Separate names with a comma.
Discussion in 'Mac mini' started by King Mustard, Apr 14, 2018.
If not, what is the latest version of macOS they support?
Mac mini from 2010 and newer all support upgrades to the latest macOS 10.13 (High Sierra)
That is best done along with other hardware updates, such as minimum of 4GB (8GB or more is better), and replacing a spinning hard drive with an SSD.
If you can, I recommend sticking with Sierra. You probably will not see any benefit from 10.13 and it still has some bugs and compatibility issues.
I've got a 2010 Mac mini Server that is running 10.12.6 and it performs beautifully as an AST/NetInstall server. It has 8GB of RAM and dual 1TB 7200RPM drives. High Sierra saw some slow downs and AST doesn't currently do very well being installed on High Sierra.
I just got notification that the next update to High Sierra will not be 64 bit compatible with a critical software program I use. Is there a way to decline the automatic OS upgrades, just in case the publisher doesn't fix it in time?
My 2010 Mac Mini is on HS and it's so slow. That's simply because I kept it on the default 2 GB of RAM and spinning HDD. My 2008 MacBook with 8 GB of RAM works a lot better on HS though, even though it's unsupported.
The next release after High Sierra may not be compatible, but High Sierra should remain compatible. Apple introduced the same kind of alert in iOS 10, and in iOS 11 support for 32-bit apps was dropped, but devices on the last build of 10 can still run them just fine.
High Sierra will always run 32 bit code. The next version may or may not. If you don’t want automatic updates, turn them off in System Preferences.
Blooming heck, I didn't realise how expensive second-hand Mac minis (that supported macOS 10.13) would be!
These are the starting prices for used ones on eBay UK (PassMark CPU scores in brackets):
Mid-2011, Intel Core i5-4515M (3,300), £310 (dual core)
Mid-2011, Intel Core i5-2520M (3,580), £340 (dual core)
Mid-2011, Intel Core i5-2620M (3,840), £430 (dual core)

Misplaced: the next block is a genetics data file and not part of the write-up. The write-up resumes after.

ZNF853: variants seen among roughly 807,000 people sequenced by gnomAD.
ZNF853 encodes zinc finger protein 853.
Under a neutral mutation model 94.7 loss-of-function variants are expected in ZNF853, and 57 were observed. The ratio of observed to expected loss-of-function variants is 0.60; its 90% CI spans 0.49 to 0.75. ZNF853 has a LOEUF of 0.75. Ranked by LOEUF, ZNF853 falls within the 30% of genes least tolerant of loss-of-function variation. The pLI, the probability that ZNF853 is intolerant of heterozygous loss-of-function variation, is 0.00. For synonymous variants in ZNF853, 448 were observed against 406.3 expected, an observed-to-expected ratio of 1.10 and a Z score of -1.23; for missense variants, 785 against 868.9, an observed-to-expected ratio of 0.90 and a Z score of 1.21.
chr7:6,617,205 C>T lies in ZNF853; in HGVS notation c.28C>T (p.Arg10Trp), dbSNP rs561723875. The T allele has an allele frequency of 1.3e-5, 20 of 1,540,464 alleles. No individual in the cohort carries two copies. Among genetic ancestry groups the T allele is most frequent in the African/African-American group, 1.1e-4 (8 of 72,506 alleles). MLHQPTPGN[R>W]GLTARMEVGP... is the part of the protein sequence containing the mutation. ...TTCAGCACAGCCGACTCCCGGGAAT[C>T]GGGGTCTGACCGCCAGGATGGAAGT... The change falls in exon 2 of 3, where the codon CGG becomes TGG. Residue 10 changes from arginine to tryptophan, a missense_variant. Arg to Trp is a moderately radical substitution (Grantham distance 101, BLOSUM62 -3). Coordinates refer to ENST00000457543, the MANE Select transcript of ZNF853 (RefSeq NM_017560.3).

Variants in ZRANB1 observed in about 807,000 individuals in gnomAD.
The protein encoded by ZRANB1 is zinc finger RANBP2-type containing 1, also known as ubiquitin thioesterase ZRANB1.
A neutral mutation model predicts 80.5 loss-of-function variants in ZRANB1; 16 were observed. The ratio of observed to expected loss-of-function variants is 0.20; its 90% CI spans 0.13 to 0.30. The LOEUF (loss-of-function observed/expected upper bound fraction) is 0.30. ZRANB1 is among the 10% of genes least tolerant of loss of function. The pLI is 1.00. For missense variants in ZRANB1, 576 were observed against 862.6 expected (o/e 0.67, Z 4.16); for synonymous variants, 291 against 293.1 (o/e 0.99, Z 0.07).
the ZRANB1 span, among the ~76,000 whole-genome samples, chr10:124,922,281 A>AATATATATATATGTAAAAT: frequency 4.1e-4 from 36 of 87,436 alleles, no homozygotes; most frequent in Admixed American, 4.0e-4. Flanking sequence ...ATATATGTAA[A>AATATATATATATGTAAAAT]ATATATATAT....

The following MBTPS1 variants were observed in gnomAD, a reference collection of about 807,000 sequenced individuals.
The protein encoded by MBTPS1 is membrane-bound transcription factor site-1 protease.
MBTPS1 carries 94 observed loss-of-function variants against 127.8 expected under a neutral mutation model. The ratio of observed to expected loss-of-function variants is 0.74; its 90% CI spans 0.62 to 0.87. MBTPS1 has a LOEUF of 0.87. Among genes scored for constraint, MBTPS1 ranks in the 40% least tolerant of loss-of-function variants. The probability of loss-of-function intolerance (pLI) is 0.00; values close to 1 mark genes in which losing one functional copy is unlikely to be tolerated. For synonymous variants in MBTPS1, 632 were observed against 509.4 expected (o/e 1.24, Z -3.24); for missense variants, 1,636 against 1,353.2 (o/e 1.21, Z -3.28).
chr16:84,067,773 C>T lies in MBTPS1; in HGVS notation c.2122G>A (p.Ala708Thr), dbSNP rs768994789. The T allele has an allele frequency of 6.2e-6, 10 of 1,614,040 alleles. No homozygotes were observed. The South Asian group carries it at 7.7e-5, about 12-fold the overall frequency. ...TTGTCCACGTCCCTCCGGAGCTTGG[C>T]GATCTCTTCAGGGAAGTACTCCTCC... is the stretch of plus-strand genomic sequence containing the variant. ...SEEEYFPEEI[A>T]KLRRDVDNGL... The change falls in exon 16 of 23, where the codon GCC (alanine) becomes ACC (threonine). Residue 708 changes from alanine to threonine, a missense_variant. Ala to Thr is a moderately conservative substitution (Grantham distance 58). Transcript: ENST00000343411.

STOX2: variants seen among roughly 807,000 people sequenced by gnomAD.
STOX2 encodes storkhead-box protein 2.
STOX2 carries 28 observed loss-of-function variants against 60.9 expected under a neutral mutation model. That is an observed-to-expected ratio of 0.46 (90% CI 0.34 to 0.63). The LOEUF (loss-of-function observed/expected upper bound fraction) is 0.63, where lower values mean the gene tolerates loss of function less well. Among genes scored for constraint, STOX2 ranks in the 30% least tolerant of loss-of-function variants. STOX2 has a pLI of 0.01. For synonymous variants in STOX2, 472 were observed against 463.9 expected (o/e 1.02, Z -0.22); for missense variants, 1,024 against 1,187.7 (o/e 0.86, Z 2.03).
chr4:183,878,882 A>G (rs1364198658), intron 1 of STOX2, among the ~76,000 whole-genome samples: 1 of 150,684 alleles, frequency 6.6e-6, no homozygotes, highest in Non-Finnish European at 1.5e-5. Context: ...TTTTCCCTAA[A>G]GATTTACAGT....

Mid-2011, Intel Core i7-2635QM (5,460), £480 (quad core)
Late-2012, Intel Core i5-3210M (3,820), £310 (dual core)
Late-2012, Intel Core i7-3615QM (7,370), £570 (quad core)
Late-2012, Intel Core i7-3720QM (8,120), non currently on eBay UK (quad core)
Current five variants:
Late-2014, Intel Core i5-4260U (3,509), £350 (dual core) (£470 new from Apple)
Late-2014, Intel Core i5-4278U (4,360), £450 (dual core) (£680 new from Apple)
Late-2014, Intel Core i7-4578U (4,750), £750 (dual core) (£950 new from Apple)
Late-2014, Intel Core i5-4308U (4,150), £550 (dual core) (£950 new from Apple)
Late-2014, Intel Core i7-4578U (4,750), non currently on eBay UK (dual core) (£1,130 new from Apple)
The Late 2012 2.6Ghz i7 goes for around $700 on eBay here in the US. They are still very popular!
Still using mine - look at the geekbench ratings, it is 50% faster than the top of the line 2014 Mini!
The 3.0Ghz does beat it out in single core, but multi-core isn't even a competition.
3925 Single, 7633 Multi - Late 2014 3.0Ghz i7 (Dual)
3718 Single, 12636 Multi - Late 2012 2.6Ghz i7 (Quad)
Yep. With 8 GB of RAM and an SSD, my Late 2008 Unibody MacBook still runs HS very well. When it had 2 GB and a spinner as recently as El Cap, it was a total slug.
Yep, its a blazing 5% faster in the single core test!
My 2008 MacBook still has the spinning HD. I really need to upgrade it to an SSD soon.
2010 Minis take 16gbs of ram, jfyi.